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Spokes Working Loose

1262 Views 5 Replies 5 Participants Last post by  Lucky
The spokes on my rear wheel, non-drive side have been working loose (unthreading) after each ride or two. It's just the one side, drive side stays tight. i have been tightening them after each ride and they keep unthreading.

what can i do? lo-grade loctite?

is it possible i'm not putting enough tension on them which makes it easy for them to unthread?

thanks....
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yes and yes

Eggman said:
The spokes on my rear wheel, non-drive side have been working loose (unthreading) after each ride or two. It's just the one side, drive side stays tight. i have been tightening them after each ride and they keep unthreading.

what can i do? lo-grade loctite?

is it possible i'm not putting enough tension on them which makes it easy for them to unthread?

thanks....
tension helps prevent spoke nipples from unthreading. that's why the drive side spokes aren't doing it, R side spokes are under higher tension due to the dish.
if you increase L side tension you will also have to increase R side tension. To do the job well, you will want a truing stand and a dishing tool, as the wheel will likely require a dishing check if you start tightening all the spokes.

you can put a drop of weak loctite down the gap between each spoke and nipple. I would use purple 222, the weakest. I know others use medium/blue. if you have aluminum nipples, blue might cause the flats to round off when truing later.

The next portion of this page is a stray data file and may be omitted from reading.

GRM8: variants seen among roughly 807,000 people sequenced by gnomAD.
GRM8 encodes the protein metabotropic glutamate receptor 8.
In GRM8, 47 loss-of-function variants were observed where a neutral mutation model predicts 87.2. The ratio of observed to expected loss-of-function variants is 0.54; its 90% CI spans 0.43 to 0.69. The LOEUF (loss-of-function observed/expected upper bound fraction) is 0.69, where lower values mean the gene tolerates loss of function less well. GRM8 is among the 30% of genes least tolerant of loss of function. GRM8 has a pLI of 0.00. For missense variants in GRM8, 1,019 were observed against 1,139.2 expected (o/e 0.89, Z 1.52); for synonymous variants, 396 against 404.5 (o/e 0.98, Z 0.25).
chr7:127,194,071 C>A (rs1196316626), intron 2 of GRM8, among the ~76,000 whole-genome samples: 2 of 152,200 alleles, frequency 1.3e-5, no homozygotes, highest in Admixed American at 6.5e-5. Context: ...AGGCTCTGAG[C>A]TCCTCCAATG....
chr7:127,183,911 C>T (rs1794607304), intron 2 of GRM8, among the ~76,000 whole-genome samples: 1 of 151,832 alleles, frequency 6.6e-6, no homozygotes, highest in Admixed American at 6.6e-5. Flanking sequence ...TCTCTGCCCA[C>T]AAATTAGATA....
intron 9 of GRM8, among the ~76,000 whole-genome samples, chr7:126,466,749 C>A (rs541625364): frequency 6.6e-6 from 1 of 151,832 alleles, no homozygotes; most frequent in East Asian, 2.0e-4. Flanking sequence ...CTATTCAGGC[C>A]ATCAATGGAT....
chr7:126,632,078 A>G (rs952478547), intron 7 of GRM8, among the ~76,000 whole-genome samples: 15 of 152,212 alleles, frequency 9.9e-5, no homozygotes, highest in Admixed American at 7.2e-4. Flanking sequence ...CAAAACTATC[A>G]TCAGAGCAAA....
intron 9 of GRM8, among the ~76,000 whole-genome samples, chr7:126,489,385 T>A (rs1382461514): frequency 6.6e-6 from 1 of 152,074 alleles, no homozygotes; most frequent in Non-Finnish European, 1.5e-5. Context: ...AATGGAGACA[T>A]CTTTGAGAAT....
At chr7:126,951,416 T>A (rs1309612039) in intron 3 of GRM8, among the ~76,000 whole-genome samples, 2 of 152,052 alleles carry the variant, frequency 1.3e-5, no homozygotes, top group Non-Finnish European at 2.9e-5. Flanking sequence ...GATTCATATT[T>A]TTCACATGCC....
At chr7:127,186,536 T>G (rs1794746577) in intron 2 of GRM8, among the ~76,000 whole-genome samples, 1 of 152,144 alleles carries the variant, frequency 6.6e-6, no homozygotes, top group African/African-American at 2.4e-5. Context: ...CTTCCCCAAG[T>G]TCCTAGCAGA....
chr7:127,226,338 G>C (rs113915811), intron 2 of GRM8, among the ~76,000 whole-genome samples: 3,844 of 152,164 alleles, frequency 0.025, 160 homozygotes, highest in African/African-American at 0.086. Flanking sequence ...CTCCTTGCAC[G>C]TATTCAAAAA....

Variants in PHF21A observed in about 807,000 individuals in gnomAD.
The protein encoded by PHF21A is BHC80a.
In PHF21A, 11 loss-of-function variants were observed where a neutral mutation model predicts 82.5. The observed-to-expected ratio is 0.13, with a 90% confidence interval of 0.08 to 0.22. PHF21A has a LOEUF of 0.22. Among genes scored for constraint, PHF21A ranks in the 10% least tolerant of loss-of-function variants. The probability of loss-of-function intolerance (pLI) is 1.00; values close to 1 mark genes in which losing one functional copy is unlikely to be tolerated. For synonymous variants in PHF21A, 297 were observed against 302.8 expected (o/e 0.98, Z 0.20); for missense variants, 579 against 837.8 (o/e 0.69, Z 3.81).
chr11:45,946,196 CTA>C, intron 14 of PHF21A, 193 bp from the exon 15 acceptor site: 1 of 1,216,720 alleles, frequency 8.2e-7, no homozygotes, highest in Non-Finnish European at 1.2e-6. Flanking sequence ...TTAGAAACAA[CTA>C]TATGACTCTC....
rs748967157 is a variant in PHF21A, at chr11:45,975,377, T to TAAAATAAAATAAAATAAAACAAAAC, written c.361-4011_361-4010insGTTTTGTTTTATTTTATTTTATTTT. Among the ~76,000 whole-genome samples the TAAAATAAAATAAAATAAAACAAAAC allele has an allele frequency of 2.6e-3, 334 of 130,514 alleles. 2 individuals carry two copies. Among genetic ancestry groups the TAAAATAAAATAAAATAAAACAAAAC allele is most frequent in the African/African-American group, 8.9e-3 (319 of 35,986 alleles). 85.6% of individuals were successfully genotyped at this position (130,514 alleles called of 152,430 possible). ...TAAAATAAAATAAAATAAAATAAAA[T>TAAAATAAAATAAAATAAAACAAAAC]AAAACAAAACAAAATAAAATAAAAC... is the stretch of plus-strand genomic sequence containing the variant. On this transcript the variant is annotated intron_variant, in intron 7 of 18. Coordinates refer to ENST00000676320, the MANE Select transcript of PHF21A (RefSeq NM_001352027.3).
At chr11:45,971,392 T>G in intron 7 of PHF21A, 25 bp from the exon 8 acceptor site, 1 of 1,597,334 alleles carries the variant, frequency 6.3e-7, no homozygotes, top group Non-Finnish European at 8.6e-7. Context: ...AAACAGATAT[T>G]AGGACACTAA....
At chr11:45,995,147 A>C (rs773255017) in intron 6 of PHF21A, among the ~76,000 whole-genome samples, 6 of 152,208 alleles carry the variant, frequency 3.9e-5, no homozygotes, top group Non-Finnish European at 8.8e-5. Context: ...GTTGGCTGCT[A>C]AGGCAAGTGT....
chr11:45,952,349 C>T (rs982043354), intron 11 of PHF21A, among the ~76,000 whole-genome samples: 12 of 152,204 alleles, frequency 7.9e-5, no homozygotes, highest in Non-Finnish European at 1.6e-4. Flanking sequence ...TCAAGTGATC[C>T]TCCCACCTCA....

Most factory built wheels (and a lot of handbuilts) are under tensioned. How tight should they be? You can either guess or measure with a spoke tension meter. The Park TM-1 is extremely easy to use and relatively inexpensive (~$50). Properly tensioned wheels don't need locktite.


https://www.parktool.com/tools/TM_1.shtml
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Homebrew said:
Properly tensioned wheels don't need locktite.QUOTE]

Instead of locktite, a dab of penetrating oil might help keep the spokes from winding up when you tighten them. If they wind up (twist), they unwind when you ride them and loosen themselves.

Kathy :^)
The lock tite goes inside the threads and nipple. The oil goes between the rim and the nipple.

I true my wheels on my bike. This way you can center the rear wheel and get the dishing aspect correct without extra expense of truing stand.

Spoke tension can be reasonably calculated by feeling another wheel that has been properly trued. The hardest part is getting equal tension on all the spokes. The wheel will true and you will on occasionally find that every third spoke is under tensioned. Tighten all these spokes up then make corrections for centering purposes.

One way to check tension is to squeeze two spokes and note how they deflect, then squeeze the next to and compare.

Also when you get the spoke somewhat tight or tensioned, then over tighten the spoke and back up a bit. This will keep the spokes from being twisted and untightening.
DrGlen51 said:
The lock tite goes inside the threads and nipple. The oil goes between the rim and the nipple.
You need lube on the threads, too, not just on the rim. Personally, I use anti-seize compound (thanks, MikeT), but that requires you remove the nipple, which I was thinking he may not wish to do, hence the suggestion of a penetrating oil.

Kathy
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